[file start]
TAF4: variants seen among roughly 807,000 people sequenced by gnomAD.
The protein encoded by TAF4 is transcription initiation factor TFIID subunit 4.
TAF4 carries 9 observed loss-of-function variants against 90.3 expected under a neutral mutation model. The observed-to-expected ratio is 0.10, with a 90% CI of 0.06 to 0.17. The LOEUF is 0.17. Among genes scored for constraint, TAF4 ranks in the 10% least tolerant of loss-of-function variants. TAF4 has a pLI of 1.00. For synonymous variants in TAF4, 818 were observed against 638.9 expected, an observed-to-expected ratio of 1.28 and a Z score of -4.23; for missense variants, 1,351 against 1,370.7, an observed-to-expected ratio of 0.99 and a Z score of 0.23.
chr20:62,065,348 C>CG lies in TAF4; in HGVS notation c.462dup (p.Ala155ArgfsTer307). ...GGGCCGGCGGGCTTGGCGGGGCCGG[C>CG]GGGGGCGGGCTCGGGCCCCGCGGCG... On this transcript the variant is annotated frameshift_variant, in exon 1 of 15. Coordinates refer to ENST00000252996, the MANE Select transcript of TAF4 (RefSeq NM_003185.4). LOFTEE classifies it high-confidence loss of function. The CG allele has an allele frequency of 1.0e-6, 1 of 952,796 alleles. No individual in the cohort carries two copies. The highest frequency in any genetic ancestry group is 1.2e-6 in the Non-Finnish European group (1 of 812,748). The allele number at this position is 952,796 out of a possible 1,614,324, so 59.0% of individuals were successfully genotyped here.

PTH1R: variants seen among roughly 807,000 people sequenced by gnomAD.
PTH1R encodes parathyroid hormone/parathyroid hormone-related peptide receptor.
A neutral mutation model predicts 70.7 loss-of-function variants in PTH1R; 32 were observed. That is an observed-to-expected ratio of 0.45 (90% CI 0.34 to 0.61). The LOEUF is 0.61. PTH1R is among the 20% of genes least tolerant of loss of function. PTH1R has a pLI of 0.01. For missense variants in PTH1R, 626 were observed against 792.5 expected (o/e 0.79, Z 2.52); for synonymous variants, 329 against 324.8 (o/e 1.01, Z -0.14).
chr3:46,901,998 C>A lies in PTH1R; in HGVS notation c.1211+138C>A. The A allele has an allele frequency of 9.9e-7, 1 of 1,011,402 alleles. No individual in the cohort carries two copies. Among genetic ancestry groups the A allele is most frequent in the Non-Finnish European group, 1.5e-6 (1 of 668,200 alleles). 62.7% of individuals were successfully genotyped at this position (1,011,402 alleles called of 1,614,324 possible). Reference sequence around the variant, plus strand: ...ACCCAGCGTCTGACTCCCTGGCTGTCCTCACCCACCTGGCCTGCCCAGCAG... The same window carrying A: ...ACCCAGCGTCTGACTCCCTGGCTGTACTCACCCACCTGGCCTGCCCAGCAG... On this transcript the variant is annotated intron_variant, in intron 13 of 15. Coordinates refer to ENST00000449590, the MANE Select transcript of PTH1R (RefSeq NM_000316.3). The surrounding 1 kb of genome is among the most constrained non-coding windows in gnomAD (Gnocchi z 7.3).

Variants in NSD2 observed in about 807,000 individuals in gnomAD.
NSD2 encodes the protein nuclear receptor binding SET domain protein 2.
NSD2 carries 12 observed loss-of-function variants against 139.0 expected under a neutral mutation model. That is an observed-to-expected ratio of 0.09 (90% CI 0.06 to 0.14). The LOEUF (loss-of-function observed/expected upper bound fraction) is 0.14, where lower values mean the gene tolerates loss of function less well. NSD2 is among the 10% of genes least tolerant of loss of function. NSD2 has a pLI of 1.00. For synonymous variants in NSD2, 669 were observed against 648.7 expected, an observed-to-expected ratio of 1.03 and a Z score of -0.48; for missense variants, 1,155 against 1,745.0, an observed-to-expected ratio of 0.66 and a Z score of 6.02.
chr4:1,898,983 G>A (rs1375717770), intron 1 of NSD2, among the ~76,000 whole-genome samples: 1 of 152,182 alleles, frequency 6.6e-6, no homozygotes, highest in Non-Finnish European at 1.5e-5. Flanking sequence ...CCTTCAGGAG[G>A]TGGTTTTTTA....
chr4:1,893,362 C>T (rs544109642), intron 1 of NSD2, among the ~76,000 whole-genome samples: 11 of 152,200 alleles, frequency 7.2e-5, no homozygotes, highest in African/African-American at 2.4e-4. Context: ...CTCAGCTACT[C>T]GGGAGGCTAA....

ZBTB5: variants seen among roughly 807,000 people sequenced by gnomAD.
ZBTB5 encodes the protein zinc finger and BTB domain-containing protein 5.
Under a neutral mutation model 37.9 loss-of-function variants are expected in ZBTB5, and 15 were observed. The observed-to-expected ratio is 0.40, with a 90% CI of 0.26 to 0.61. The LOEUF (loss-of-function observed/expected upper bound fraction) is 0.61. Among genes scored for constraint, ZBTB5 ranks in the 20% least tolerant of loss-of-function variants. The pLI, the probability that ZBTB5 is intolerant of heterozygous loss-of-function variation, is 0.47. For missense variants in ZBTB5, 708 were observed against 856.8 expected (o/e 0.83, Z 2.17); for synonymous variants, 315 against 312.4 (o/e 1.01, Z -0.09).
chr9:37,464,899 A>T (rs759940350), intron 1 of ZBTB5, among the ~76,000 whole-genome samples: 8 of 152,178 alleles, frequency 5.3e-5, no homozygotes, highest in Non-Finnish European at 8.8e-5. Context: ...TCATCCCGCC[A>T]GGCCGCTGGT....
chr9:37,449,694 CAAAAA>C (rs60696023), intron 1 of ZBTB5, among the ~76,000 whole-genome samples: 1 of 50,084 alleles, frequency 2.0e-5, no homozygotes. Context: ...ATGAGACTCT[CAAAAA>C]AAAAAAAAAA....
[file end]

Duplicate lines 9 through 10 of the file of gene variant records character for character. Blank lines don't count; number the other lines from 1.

Variants in NSD2 observed in about 807,000 individuals in gnomAD.
NSD2 encodes the protein nuclear receptor binding SET domain protein 2.